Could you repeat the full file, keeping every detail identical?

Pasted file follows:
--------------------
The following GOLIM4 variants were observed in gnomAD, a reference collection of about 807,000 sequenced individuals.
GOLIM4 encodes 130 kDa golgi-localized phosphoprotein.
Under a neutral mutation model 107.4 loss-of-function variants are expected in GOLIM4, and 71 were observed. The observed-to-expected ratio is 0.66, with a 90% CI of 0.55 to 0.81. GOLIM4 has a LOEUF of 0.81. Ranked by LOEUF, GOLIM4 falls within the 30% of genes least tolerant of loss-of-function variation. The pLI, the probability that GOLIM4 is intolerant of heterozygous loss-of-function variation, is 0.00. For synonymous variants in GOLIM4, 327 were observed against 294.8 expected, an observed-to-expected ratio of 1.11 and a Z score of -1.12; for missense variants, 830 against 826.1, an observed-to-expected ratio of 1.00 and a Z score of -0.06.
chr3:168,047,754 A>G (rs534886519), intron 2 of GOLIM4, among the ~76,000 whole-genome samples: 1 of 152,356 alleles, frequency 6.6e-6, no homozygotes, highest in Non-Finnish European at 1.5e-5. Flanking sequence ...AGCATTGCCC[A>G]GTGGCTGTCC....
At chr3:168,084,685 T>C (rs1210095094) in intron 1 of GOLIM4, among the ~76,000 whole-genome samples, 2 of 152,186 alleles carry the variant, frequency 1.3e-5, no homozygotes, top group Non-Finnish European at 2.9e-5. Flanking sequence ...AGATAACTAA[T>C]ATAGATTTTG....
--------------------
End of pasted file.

The following GOLIM4 variants were observed in gnomAD, a reference collection of about 807,000 sequenced individuals.
GOLIM4 encodes 130 kDa golgi-localized phosphoprotein.
Under a neutral mutation model 107.4 loss-of-function variants are expected in GOLIM4, and 71 were observed. The observed-to-expected ratio is 0.66, with a 90% CI of 0.55 to 0.81. GOLIM4 has a LOEUF of 0.81. Ranked by LOEUF, GOLIM4 falls within the 30% of genes least tolerant of loss-of-function variation. The pLI, the probability that GOLIM4 is intolerant of heterozygous loss-of-function variation, is 0.00. For synonymous variants in GOLIM4, 327 were observed against 294.8 expected, an observed-to-expected ratio of 1.11 and a Z score of -1.12; for missense variants, 830 against 826.1, an observed-to-expected ratio of 1.00 and a Z score of -0.06.
chr3:168,047,754 A>G (rs534886519), intron 2 of GOLIM4, among the ~76,000 whole-genome samples: 1 of 152,356 alleles, frequency 6.6e-6, no homozygotes, highest in Non-Finnish European at 1.5e-5. Flanking sequence ...AGCATTGCCC[A>G]GTGGCTGTCC....
At chr3:168,084,685 T>C (rs1210095094) in intron 1 of GOLIM4, among the ~76,000 whole-genome samples, 2 of 152,186 alleles carry the variant, frequency 1.3e-5, no homozygotes, top group Non-Finnish European at 2.9e-5. Flanking sequence ...AGATAACTAA[T>C]ATAGATTTTG....